They diss CEOs, but OK big tax credits
“If we become an oligarchy like the oligarchies we used to decry in Central American countries and South American countries, what hope is there for the rest of the world?”, asked Sen. Lori Hancock, D-Oakland, as she supported SB 1372, which would have significantly increased state income taxes on companies that pay their executives “too much.”
The bill came well short (18-17) of the two-thirds vote needed for passage, but it sparked a lively discussion that included debates not just about oligarchs, but about Marxism and wealth creation. Deemed a job killer by the California Chamber of Commerce, the bill would have boosted one of the highest tax rates in the nation to promote income equality. (It was, however, amended to minimize the impact on corporations by allowing them to deduct the higher rates on their federal taxes and to use the new money to fund job-creation programs.)
The bill would have created a sliding scale of taxes that is tied to corporate compensation. The higher the pay of the corporate executive (as measured by the ratio of CEO pay compared to other employees), the higher the tax rate. It’s a punitive formula, which sparked Sen. Jim Nielsen, R-Gerber, to complain about the Senate’s simultaneous efforts to “help California’s economy” even as his fellow senators “bash CEOS, these greedy wealthy CEOs.”
“SB 1372 will encourage publicly traded companies and financial institutions to leave California, and discourage publicly traded companies or financial institutions from locating to California, which will ultimately cost California jobs and reduce much needed private sector investment in this state,” argued the Chamber of Commerce.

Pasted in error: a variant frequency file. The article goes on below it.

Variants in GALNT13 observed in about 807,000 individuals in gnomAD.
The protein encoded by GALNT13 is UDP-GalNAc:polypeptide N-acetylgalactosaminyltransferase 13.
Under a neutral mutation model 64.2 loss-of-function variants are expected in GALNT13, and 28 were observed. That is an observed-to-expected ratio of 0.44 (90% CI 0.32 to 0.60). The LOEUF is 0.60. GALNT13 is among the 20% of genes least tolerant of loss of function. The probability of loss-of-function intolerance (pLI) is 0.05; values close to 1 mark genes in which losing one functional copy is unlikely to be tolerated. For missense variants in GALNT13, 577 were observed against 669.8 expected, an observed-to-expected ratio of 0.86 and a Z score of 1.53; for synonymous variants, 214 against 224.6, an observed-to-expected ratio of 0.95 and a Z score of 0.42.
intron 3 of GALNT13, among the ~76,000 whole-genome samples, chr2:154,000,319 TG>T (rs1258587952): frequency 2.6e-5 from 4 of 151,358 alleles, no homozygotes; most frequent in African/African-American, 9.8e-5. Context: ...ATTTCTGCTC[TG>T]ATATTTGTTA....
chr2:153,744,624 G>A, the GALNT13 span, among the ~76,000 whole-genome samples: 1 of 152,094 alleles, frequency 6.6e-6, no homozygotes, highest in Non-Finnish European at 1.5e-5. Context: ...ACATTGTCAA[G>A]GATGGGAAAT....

The bill failed — but critics fear the rhetoric could give corporate executives pause.
For instance, Sen. Hannah-Beth Jackson, D-Santa Barbara, recalled the 1950s, when the federal tax rate was 91 percent for earnings above $2 million. “Now why was that?” she asked. “I think that’s rather extreme, but that’s what happened in this country. And you know what happened during that period of time? We built America.” She said that sky-high tax rates force corporate executives to invest in their companies so that they don’t have to give the money to the government.
Earlier in the week, however, a broad bipartisan coalition of legislators backed a bill — endorsed by Gov. Jerry Brown — that more than triples California’s tax credits (to $330 million) to Hollywood executives so they film more movies in California.
Pundits called it a massive giveaway and pointed to a Legislative Analyst’s report from April about the existing $100 million motion-picture industry tax credits. It found that every dollar in tax credits returns only 65 cents in benefits. The LAO also complained that these “industry-specific tax expenditures” are inappropriate because they give one group of businesses an advantage over others.
“Our taxes are so egregious that the only way we can attract business is through tax credits,” Sen. Joel Anderson, R-El Cajon, told me, as his fellow senators debated the corporate-compensation measure. Senate support for the film-tax credits was a tacit acknowledgement that lower tax rates lure businesses to California — or at least keep them from doing their work elsewhere. “So why not reduce taxes for everyone?” he asked.
Sen. Nielsen noted in his floor speech opposing the executive-pay measure that California businesses also are struggling because of the cap-and-trade system that essentially taxes them for boosting their economic production. Ironically, the subject of the Democratic senators’ meeting with Steyer was climate change. Steyer is funding candidates who “will take bold action” on the issue.
Rhetoric aside, the good news is many legislators know instinctively that higher taxes on wealthy business owners are a disincentive for business growth. Why else would they support tripling the tax credit for Hollywood?
Steven Greenhut is the California columnist for U-T San Diego. Write to him at firstname.lastname@example.org